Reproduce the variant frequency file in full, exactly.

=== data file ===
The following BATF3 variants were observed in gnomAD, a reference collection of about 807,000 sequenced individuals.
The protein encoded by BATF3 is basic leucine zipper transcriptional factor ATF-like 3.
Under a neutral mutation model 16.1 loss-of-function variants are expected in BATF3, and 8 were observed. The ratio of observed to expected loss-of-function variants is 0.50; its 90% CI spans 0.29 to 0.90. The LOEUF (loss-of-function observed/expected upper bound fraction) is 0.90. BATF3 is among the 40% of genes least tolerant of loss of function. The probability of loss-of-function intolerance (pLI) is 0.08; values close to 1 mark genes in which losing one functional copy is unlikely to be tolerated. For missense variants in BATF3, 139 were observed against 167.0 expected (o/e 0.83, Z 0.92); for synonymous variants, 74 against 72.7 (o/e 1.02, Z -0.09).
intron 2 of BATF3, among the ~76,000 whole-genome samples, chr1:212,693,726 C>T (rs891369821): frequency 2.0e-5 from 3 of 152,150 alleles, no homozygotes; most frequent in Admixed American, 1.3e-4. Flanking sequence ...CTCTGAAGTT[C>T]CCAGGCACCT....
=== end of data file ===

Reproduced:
The following BATF3 variants were observed in gnomAD, a reference collection of about 807,000 sequenced individuals.
The protein encoded by BATF3 is basic leucine zipper transcriptional factor ATF-like 3.
Under a neutral mutation model 16.1 loss-of-function variants are expected in BATF3, and 8 were observed. The ratio of observed to expected loss-of-function variants is 0.50; its 90% CI spans 0.29 to 0.90. The LOEUF (loss-of-function observed/expected upper bound fraction) is 0.90. BATF3 is among the 40% of genes least tolerant of loss of function. The probability of loss-of-function intolerance (pLI) is 0.08; values close to 1 mark genes in which losing one functional copy is unlikely to be tolerated. For missense variants in BATF3, 139 were observed against 167.0 expected (o/e 0.83, Z 0.92); for synonymous variants, 74 against 72.7 (o/e 1.02, Z -0.09).
intron 2 of BATF3, among the ~76,000 whole-genome samples, chr1:212,693,726 C>T (rs891369821): frequency 2.0e-5 from 3 of 152,150 alleles, no homozygotes; most frequent in Admixed American, 1.3e-4. Flanking sequence ...CTCTGAAGTT[C>T]CCAGGCACCT....